Next up Eddie showed us shells using a number 44 star tube, and some simple barrels, followed by overpiping on the shells and barrels with a number 1 tube. We then piped a barrel design with C scrolls at the base of our sugarpaste discs and shells around the border of the whole disc. Eddie then piped an inscription for us with white royal icing which we were supposed to overpipe in pink but we ran out of time. Eddie very quickly overpiped for us so we could take home a finished product. Speaking of which, here is mine (that’s my Mum’s name on it, this seemed like the kind of thing she’d like):

My finished hand piped decorated sugarpaste disc

My finished hand piped decorated sugarpaste disc

I have to confess that Eddie did a fair bit of the work on mine to show me how it was done, then I did the rest. I did do all the shells by myself though and was very proud when he told me my shells were “very good”. They ought to be as that was just about the only piping skill I had coming into the class!

I enjoyed watching such a world class artist at work, but I have to say, I’m still not a fan of piping or royal icing. Eddie says it’s a dying art and that it’s up to us to keep it going. Sadly, I don’t think I will be perpetuating his art. While his work is very beautiful, I don’t have a lot of demand for this kind of decoration, and I have to give my clients what they want.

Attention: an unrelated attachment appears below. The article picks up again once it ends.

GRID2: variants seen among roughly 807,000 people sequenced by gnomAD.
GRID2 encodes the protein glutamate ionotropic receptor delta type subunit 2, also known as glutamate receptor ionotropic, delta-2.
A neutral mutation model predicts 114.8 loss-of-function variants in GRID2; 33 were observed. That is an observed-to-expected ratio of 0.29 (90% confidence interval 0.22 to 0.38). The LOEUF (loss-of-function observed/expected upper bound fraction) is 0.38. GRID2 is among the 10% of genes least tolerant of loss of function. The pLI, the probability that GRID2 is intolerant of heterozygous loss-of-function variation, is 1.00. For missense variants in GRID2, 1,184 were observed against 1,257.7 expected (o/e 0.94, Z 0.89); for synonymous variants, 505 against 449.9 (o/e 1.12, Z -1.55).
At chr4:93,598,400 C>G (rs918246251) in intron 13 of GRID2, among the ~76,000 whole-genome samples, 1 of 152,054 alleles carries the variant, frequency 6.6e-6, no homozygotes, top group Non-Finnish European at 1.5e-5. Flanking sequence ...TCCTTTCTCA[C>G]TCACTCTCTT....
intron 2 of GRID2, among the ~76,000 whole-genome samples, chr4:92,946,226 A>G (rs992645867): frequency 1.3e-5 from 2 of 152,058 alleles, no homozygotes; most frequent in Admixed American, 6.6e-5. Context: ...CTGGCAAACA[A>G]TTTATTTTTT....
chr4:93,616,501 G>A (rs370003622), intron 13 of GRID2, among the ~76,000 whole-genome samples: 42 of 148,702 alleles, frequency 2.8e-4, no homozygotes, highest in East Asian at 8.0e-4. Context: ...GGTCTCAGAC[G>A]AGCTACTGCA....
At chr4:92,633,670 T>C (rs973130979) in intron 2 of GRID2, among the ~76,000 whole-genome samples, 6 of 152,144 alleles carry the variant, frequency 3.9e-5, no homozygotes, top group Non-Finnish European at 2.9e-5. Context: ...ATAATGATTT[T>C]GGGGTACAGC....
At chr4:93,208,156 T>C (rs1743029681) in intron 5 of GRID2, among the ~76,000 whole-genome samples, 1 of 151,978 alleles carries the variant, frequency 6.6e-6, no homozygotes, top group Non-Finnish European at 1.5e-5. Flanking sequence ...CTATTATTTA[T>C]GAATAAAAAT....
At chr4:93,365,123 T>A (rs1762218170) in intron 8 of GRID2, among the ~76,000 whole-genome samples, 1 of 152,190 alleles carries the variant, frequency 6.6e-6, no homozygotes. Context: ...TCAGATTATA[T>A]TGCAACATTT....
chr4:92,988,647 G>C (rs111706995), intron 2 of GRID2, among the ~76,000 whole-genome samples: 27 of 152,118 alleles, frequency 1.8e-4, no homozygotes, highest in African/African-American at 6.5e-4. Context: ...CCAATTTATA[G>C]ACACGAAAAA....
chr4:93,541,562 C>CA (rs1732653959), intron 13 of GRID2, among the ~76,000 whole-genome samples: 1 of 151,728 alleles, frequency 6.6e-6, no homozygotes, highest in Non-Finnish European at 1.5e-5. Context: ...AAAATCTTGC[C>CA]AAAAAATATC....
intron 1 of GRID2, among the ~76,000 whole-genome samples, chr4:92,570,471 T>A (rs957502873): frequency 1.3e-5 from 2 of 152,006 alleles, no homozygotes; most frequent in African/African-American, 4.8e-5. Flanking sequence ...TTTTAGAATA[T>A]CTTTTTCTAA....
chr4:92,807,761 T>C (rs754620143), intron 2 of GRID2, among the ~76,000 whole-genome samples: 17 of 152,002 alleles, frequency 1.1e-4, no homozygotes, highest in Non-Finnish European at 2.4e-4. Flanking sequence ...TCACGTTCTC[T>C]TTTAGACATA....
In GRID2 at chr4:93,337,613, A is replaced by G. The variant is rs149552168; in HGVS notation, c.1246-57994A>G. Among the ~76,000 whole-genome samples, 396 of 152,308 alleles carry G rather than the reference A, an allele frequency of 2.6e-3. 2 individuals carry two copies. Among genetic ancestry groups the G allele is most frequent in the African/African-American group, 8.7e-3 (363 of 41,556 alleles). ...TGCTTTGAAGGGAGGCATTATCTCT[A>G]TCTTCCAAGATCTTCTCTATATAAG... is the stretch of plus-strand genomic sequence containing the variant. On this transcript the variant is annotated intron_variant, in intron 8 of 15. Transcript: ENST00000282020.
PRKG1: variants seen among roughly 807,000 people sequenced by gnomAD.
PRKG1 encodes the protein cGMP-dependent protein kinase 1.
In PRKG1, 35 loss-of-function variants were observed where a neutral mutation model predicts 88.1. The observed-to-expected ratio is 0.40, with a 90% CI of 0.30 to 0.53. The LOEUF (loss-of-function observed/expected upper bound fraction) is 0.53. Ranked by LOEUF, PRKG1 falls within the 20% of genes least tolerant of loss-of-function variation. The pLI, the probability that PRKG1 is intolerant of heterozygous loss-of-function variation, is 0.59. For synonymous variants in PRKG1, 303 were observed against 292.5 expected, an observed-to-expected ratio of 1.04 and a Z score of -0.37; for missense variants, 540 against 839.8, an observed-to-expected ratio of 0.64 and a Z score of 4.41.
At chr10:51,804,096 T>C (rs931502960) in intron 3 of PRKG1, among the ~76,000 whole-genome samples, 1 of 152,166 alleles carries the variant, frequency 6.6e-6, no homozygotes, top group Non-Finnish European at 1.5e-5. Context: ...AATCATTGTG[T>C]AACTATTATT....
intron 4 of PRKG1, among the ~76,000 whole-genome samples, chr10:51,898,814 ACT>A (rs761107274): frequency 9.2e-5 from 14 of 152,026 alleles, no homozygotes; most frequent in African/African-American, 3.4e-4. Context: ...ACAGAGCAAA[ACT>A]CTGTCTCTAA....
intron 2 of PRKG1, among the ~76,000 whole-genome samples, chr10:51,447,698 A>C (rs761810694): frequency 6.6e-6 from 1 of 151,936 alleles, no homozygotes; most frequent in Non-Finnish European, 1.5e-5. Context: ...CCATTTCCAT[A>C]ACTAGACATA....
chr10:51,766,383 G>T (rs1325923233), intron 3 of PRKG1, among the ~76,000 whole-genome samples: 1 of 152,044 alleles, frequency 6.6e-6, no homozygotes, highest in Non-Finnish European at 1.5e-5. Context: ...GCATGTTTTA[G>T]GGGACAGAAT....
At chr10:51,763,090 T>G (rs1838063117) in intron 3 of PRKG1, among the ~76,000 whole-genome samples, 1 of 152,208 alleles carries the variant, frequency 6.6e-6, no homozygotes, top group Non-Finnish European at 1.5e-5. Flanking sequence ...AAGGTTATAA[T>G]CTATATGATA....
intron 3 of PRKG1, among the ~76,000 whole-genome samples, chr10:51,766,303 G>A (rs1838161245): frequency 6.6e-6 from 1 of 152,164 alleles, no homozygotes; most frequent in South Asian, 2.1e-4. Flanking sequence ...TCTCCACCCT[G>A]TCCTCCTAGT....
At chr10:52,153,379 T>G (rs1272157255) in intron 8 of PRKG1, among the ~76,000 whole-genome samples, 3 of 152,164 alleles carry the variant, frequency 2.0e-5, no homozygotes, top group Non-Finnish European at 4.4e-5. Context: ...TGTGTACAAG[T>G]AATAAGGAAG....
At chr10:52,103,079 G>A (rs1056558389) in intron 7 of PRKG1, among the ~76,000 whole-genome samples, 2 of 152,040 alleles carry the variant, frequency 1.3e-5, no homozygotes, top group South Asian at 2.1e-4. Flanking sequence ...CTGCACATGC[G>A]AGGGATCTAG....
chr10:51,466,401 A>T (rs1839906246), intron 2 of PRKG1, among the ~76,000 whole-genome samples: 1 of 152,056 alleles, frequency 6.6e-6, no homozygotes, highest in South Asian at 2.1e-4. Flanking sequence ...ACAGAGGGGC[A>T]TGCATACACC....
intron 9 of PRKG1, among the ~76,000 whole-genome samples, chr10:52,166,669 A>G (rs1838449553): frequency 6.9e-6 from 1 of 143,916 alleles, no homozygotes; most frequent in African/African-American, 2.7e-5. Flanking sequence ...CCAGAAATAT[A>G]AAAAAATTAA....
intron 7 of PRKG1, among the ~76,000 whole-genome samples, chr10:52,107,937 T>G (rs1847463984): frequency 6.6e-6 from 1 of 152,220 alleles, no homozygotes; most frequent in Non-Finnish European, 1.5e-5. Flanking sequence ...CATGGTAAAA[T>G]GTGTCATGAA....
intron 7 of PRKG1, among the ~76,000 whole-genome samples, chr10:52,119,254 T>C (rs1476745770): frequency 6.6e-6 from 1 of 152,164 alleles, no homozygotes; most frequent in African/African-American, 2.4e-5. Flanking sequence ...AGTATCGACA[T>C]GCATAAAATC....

On a side note, I also managed to sit on my board of practice piping and got royal icing all over the seat of my jeans! See, me and royal icing really don’t get along.

Royal Icing Course at Squires Kitchen

Monday, June 28th, 2010
Royal iced cake

The cake I made on my royal icing course

A few weekends ago I went on a 2 day Royal Icing course at Squires Kitchen in Surrey. I had never royal iced a cake before, but my main reason for going was to learn some piping techniques in royal icing from Ceri Griffiths, who is such a marvellous cake decorator and an expert in royal icing. He is a fantastic teacher too, and a very talented singer!

Over the 2 days of the course we royal iced a 6 inch fruit cake, piped blossoms, created a run out, did cornelli scratch work on the sides of the cake, learned to pipe shells, ropes and barrels, then decorated the cake with these new techniques. Piping shells was fine, I’ve done that before, but the ropes and ‘S’ and ‘C’ barrels were pretty tricky. You can see in the picture above how wonky my efforts were!

Quite frankly I don’t see myself using that particular technique a lot. My clientele usually prefers more modern designs, the shells and barrels looked quite old fashioned. As one of the other women on the course remarked, the cakes we created looked like “cakes my gran would like”.

Having said that though, the course was excellent and well worth going on. But I have to say, one thing I did take away from it is that I am never going to coat a cake in royal icing again! It is a very hard medium to work with, and it was a lot harder to get a nice smooth finish compared to fondant. Ceri did point out that it was my first time and it is a skill that requires a lot of practice to get right, which is true. But it is such a time consuming process. For a wedding cake, 3 coats are required with an overnight drying period in between each coat! Plus it dries so damn hard! My husband nearly broke a kitchen knife trying to cut through the royal iced cake I brought home from the course.

To date, I have not had a request for a royal iced cake, hopefully I never will (lol). Fondant is much easier to work with (and to eat!). However if a client wants some nice piped flowers, shells, or cornelli scratch work, I’m happy to oblige!